Would You Trust Technology to Handle Your Health?

Medical situations are nerve-wracking enough. We don’t need to enter other factors into it. However, with advances being made in technology, it’s now creeping into our medical care.

Just in the last month I took something called a SmartPill to evaluate my gastrointestinal system, had a 3D scanner take pictures of my teeth to build a crown, and read about a robot that can take blood tests. This inspired me to ask our writers, “Would you trust technology to handle your health?”

For Phil it depends on the task. “The less invasive the procedure, the more I happily say yes to the tech.” He would do a SmartPill and 3D imaging but says “get that robot with the needle away from me!” He jokes he’d like to see augmented reality “make that doctor coming towards me with a needle look like something less alarming.”

Damien agrees with Phil. He says he is “fine with technology that complements medical care, like the SmartPill or 3D imaging,” but also says “I am not ready for a robot to operate on me yet.”

Corbin notes that with the progression of technology, the mortality rate has been lowered. He agrees with the others that he wouldn’t be comfortable with a fully automatous robot performing an operation on him.

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“However, I’d be perfectly comfortable with a robotic arm controlled by a human doctor performing surgery” because he believes it would be more steady than the human hand. He also thinks “the future is bright and exciting for robotic advancements in the medical field.”

Christopher finds this question a little scary, realizing that people have shown that cars and pacemakers can be hacked into, so “outfitting your body with medical technology almost seems like a liability, especially if there’s someone out there with a grudge against you.”

He’d be fine with an advanced robot doing basic nursing tasks such as drawing blood, giving shots, etc., “but if I attach it to my body and it can be networked with in some way… well, cyber punk is a genre for a reason.”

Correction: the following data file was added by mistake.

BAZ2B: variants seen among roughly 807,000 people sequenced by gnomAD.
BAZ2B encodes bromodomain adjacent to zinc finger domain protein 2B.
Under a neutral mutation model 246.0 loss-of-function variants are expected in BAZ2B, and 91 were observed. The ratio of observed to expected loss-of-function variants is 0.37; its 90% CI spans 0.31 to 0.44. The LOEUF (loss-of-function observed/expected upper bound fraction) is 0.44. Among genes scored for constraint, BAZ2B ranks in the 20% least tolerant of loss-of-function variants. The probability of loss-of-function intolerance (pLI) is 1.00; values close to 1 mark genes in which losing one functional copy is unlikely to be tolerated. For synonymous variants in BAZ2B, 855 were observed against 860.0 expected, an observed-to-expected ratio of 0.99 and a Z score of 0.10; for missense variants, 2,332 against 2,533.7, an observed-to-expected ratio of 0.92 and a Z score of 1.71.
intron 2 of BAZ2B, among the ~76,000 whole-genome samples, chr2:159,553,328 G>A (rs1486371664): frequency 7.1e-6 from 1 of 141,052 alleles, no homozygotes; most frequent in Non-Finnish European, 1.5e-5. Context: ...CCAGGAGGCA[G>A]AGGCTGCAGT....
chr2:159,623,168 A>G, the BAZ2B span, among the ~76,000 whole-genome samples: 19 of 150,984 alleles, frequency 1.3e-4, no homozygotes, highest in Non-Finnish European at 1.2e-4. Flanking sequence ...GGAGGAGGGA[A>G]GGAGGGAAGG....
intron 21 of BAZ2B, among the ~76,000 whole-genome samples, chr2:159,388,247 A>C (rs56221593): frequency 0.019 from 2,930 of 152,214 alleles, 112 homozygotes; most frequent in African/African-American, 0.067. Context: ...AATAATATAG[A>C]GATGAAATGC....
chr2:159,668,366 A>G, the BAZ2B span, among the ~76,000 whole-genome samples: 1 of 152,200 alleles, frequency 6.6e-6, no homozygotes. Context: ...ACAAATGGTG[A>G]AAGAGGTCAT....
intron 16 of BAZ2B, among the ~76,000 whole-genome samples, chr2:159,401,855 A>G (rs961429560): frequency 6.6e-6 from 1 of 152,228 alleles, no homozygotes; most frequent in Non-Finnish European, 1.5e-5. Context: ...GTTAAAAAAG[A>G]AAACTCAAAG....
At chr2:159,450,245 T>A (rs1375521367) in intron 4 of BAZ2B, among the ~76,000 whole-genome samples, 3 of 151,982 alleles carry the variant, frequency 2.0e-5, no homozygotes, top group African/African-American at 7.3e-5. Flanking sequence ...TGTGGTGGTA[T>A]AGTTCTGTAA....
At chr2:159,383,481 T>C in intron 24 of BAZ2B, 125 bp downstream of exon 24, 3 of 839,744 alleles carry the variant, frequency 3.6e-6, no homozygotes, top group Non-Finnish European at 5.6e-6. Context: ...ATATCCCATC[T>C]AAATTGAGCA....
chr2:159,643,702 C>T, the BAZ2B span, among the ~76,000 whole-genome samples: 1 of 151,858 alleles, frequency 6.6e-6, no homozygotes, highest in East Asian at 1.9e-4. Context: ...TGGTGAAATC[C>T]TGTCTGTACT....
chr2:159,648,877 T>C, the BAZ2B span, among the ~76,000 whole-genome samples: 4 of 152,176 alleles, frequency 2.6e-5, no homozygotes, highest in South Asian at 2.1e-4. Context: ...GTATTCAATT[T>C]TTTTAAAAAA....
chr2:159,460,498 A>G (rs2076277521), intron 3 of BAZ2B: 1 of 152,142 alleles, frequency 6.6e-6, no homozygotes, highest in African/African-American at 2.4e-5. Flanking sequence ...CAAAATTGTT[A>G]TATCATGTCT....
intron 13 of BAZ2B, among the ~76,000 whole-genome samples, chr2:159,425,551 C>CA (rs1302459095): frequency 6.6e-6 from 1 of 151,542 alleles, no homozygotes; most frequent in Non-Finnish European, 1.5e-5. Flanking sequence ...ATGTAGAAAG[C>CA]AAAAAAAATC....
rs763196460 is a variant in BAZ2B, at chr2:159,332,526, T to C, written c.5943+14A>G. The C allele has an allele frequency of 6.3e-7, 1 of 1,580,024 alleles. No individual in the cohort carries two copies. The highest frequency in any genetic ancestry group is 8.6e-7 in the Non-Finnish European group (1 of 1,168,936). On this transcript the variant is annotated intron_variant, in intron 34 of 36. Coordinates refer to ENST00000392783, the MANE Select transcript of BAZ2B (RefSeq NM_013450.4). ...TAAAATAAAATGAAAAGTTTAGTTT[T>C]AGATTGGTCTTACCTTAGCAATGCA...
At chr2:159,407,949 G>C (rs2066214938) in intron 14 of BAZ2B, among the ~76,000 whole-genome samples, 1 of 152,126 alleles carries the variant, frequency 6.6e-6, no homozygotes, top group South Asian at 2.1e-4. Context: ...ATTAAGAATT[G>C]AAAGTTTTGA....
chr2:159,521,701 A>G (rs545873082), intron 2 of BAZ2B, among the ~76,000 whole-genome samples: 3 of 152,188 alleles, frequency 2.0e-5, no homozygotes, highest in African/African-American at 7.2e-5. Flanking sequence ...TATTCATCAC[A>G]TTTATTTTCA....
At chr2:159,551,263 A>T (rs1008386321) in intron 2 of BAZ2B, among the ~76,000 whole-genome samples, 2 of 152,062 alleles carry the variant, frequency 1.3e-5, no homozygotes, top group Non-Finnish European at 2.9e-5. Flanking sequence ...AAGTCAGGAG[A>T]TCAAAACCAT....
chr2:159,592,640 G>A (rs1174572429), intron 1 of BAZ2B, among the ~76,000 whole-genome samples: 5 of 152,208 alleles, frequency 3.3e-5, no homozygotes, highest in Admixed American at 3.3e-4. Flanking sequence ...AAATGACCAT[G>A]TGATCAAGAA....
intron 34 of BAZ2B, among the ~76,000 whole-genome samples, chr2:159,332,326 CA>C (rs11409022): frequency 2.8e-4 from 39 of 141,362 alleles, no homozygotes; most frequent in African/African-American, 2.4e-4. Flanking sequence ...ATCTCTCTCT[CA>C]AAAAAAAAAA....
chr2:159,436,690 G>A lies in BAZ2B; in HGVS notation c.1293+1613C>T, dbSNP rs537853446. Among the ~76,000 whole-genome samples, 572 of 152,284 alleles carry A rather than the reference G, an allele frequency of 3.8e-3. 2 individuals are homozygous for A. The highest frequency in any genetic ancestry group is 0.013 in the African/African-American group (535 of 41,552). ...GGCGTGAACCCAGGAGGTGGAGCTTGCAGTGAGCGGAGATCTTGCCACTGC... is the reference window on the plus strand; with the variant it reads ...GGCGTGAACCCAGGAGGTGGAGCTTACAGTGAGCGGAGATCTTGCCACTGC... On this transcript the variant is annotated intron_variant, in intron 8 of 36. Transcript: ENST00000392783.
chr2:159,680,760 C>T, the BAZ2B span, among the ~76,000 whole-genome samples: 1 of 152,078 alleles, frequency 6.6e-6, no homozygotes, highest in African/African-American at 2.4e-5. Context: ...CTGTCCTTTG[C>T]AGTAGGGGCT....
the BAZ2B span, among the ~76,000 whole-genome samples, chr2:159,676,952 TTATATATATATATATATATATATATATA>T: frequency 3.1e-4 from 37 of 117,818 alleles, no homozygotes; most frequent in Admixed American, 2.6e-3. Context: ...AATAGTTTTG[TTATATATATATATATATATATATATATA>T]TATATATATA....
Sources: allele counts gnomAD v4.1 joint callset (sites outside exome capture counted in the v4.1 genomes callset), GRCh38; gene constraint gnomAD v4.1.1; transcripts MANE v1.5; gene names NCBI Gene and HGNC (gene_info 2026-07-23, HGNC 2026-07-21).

My approach comes at it from a point of need. The medical world is stumped by my gastrointestinal problems, so swallowing a SmartPill in order to get answers was a no-brainer. And having my crown built with 3D imaging meant I was in and out in two hours instead of waiting a week in between for a crown to be created from a mold impression.

https://youtu.be/MFRs0bBEJPA

And I have really, really hard to find veins, and they have been used and abused. I had leukemia and had to get transfusions a few times a week for several months. I would get poked repeatedly with a needle while a nurse looked for a good vein. I would have been very willing to let a robot have a shot at it to save me some grief.

Where’s your trust level with this? Would you let a robot with a needle close to you? Would you swallow a pill that was being tracked with a monitor? What other medical technology would you consider or never agree to? Would you trust technology to handle your health? Join our conversation in the comments section below.

One comment

  1. ““However, I’d be perfectly comfortable with a robotic arm controlled by a human doctor performing surgery” because he believes it would be more steady than the human hand. ”
    That is very big and dangerous assumption on Corbin’s part. If a doctor’s hand trembles, that tremor will be transmitted to the robotic hand. The tremors cannot be filtered out or dampened because the robot has now way of knowing whether the motion is a unwanted tremor or a deliberate moment necessary for the procedure.

    Considering the existence of Murphy’s Law and the fact that all this iron-mongery is controlled by software and that 100% reliable software is impossible, I would be afraid that a ‘perfect storm’ of circumstances would occur at the worst possible moment.

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